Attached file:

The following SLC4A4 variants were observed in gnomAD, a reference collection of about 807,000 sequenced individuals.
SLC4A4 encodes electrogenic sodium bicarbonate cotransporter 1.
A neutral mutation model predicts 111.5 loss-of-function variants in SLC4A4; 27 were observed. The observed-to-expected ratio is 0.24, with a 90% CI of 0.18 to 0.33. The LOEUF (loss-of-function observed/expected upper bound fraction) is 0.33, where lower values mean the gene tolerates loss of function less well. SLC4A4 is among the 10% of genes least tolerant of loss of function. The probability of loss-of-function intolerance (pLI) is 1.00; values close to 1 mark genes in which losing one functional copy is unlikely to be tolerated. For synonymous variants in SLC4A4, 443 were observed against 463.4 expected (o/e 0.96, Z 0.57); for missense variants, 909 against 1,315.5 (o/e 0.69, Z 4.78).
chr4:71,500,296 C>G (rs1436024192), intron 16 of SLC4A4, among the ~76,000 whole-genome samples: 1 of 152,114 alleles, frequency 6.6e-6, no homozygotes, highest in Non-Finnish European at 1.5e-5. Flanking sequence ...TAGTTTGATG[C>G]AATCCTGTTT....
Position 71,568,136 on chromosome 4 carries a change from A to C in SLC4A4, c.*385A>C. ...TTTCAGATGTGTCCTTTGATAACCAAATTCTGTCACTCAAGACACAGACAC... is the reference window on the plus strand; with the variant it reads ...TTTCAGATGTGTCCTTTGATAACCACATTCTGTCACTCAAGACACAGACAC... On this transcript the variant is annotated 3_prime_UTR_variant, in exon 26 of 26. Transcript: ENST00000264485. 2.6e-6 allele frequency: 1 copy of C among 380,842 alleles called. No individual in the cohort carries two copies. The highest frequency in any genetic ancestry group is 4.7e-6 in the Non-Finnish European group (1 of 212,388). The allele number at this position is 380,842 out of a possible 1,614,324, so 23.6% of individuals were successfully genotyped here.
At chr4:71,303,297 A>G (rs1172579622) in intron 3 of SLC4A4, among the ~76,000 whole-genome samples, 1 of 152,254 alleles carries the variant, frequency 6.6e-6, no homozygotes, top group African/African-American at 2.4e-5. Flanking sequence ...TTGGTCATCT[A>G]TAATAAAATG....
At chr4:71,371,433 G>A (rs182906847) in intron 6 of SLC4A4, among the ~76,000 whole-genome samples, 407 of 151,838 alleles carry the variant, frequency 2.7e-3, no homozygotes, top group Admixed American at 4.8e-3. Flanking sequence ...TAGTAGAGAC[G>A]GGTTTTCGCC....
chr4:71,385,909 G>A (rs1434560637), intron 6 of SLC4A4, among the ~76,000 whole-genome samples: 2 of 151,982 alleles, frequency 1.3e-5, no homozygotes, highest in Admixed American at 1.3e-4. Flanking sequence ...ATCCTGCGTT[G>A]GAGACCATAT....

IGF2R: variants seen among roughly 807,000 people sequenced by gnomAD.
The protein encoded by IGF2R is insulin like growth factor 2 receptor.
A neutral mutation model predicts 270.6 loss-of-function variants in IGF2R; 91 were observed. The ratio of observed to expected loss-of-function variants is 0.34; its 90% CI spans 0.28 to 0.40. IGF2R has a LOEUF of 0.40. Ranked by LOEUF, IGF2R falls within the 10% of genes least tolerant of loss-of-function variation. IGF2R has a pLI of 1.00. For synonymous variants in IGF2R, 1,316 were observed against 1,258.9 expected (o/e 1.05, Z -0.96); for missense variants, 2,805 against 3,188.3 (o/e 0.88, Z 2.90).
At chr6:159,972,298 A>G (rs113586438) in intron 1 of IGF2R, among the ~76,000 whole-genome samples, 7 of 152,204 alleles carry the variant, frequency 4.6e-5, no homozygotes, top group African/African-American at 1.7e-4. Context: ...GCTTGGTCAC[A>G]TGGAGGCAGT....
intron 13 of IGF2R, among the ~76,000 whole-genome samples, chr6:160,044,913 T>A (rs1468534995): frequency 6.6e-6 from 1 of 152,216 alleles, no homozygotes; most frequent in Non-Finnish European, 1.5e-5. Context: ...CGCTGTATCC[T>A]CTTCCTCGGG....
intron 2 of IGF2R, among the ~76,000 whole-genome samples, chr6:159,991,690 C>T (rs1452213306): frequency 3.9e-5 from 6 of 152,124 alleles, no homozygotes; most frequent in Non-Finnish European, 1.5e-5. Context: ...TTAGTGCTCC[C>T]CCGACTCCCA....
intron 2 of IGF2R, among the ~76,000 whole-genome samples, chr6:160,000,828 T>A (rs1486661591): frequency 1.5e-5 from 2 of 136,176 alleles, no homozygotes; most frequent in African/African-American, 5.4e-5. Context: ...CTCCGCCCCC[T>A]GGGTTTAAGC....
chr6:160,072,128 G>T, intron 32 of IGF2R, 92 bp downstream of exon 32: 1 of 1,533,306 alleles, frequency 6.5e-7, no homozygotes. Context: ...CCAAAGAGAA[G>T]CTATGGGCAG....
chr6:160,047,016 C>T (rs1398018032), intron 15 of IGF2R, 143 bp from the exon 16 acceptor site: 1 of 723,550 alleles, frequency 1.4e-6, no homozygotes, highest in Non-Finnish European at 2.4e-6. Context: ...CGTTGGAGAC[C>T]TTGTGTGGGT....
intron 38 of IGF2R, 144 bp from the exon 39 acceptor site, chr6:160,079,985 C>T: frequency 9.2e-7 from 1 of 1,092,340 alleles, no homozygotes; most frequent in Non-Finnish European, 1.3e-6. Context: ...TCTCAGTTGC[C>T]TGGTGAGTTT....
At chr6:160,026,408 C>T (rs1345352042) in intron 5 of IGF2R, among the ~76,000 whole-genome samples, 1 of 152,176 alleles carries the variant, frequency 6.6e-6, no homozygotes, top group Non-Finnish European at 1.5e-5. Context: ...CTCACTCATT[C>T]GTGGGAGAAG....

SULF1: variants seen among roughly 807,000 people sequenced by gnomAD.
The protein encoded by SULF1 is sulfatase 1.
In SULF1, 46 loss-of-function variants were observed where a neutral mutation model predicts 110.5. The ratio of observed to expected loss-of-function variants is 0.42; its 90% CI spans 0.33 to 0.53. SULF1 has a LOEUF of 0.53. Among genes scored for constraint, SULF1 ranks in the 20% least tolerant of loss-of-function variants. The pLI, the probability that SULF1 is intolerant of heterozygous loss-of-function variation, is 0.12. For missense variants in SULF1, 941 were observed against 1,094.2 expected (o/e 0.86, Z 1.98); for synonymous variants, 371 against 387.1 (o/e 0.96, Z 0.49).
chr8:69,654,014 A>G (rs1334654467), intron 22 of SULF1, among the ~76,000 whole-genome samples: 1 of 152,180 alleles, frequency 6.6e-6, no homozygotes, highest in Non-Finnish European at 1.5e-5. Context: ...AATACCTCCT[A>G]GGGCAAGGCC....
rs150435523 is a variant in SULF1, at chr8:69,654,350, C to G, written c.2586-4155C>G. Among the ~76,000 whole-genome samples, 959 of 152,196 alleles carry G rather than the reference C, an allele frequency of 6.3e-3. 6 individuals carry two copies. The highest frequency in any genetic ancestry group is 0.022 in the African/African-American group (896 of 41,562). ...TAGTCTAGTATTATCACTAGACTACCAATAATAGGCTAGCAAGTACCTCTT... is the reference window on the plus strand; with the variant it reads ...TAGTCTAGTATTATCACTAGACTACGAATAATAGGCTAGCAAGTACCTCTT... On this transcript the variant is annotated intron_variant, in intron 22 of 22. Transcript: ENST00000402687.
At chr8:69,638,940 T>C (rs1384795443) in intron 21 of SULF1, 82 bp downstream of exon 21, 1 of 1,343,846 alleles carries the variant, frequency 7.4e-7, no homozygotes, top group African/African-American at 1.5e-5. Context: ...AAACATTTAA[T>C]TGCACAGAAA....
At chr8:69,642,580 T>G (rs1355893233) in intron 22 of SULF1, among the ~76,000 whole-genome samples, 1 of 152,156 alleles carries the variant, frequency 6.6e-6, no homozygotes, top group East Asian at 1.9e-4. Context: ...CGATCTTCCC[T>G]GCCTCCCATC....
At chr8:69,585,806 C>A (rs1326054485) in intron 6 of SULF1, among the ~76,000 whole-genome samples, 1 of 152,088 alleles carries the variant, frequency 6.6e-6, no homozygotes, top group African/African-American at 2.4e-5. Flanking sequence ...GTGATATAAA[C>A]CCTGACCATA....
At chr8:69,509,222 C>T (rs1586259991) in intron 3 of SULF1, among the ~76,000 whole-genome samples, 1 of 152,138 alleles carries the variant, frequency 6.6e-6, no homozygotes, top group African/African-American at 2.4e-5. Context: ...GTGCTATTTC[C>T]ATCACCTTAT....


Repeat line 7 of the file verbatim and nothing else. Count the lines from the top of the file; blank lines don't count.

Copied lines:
At chr4:71,371,433 G>A (rs182906847) in intron 6 of SLC4A4, among the ~76,000 whole-genome samples, 407 of 151,838 alleles carry the variant, frequency 2.7e-3, no homozygotes, top group Admixed American at 4.8e-3. Flanking sequence ...TAGTAGAGAC[G>A]GGTTTTCGCC....